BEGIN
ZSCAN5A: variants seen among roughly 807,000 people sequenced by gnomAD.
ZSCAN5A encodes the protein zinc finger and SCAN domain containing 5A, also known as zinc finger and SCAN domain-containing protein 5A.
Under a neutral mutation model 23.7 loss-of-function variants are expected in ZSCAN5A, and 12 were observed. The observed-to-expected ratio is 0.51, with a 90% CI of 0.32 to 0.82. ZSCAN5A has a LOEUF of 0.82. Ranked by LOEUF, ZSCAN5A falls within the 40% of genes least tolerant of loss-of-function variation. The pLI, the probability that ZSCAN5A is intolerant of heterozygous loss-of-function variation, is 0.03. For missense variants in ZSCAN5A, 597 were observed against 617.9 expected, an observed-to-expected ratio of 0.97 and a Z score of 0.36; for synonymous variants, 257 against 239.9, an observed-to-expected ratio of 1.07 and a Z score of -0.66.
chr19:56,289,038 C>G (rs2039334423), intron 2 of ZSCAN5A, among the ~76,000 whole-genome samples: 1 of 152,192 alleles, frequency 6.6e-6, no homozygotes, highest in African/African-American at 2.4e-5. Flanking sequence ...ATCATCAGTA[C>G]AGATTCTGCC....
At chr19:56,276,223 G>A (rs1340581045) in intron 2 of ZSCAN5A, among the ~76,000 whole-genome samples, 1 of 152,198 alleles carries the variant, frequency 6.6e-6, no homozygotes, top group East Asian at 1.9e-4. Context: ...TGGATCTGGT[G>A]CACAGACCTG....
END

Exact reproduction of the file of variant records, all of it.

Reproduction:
ZSCAN5A: variants seen among roughly 807,000 people sequenced by gnomAD.
ZSCAN5A encodes the protein zinc finger and SCAN domain containing 5A, also known as zinc finger and SCAN domain-containing protein 5A.
Under a neutral mutation model 23.7 loss-of-function variants are expected in ZSCAN5A, and 12 were observed. The observed-to-expected ratio is 0.51, with a 90% CI of 0.32 to 0.82. ZSCAN5A has a LOEUF of 0.82. Ranked by LOEUF, ZSCAN5A falls within the 40% of genes least tolerant of loss-of-function variation. The pLI, the probability that ZSCAN5A is intolerant of heterozygous loss-of-function variation, is 0.03. For missense variants in ZSCAN5A, 597 were observed against 617.9 expected, an observed-to-expected ratio of 0.97 and a Z score of 0.36; for synonymous variants, 257 against 239.9, an observed-to-expected ratio of 1.07 and a Z score of -0.66.
chr19:56,289,038 C>G (rs2039334423), intron 2 of ZSCAN5A, among the ~76,000 whole-genome samples: 1 of 152,192 alleles, frequency 6.6e-6, no homozygotes, highest in African/African-American at 2.4e-5. Flanking sequence ...ATCATCAGTA[C>G]AGATTCTGCC....
At chr19:56,276,223 G>A (rs1340581045) in intron 2 of ZSCAN5A, among the ~76,000 whole-genome samples, 1 of 152,198 alleles carries the variant, frequency 6.6e-6, no homozygotes, top group East Asian at 1.9e-4. Context: ...TGGATCTGGT[G>A]CACAGACCTG....